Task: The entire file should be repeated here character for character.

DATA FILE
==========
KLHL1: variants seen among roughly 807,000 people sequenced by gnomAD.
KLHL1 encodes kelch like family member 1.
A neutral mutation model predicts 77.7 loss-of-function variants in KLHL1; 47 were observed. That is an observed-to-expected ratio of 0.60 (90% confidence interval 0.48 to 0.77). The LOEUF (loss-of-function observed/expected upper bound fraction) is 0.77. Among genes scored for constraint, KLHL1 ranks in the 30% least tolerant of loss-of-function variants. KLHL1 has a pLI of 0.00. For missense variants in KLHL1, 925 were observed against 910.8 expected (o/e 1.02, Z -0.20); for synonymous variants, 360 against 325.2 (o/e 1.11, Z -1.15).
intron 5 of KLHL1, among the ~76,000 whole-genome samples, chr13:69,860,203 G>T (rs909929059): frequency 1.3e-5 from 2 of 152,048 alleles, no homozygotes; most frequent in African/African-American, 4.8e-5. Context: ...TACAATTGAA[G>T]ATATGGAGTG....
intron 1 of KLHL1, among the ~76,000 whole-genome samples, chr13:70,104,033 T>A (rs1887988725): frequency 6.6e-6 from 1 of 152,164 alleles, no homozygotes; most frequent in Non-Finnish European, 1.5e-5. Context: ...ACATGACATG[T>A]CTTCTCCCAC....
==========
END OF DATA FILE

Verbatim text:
KLHL1: variants seen among roughly 807,000 people sequenced by gnomAD.
KLHL1 encodes kelch like family member 1.
A neutral mutation model predicts 77.7 loss-of-function variants in KLHL1; 47 were observed. That is an observed-to-expected ratio of 0.60 (90% confidence interval 0.48 to 0.77). The LOEUF (loss-of-function observed/expected upper bound fraction) is 0.77. Among genes scored for constraint, KLHL1 ranks in the 30% least tolerant of loss-of-function variants. KLHL1 has a pLI of 0.00. For missense variants in KLHL1, 925 were observed against 910.8 expected (o/e 1.02, Z -0.20); for synonymous variants, 360 against 325.2 (o/e 1.11, Z -1.15).
intron 5 of KLHL1, among the ~76,000 whole-genome samples, chr13:69,860,203 G>T (rs909929059): frequency 1.3e-5 from 2 of 152,048 alleles, no homozygotes; most frequent in African/African-American, 4.8e-5. Context: ...TACAATTGAA[G>T]ATATGGAGTG....
intron 1 of KLHL1, among the ~76,000 whole-genome samples, chr13:70,104,033 T>A (rs1887988725): frequency 6.6e-6 from 1 of 152,164 alleles, no homozygotes; most frequent in Non-Finnish European, 1.5e-5. Context: ...ACATGACATG[T>A]CTTCTCCCAC....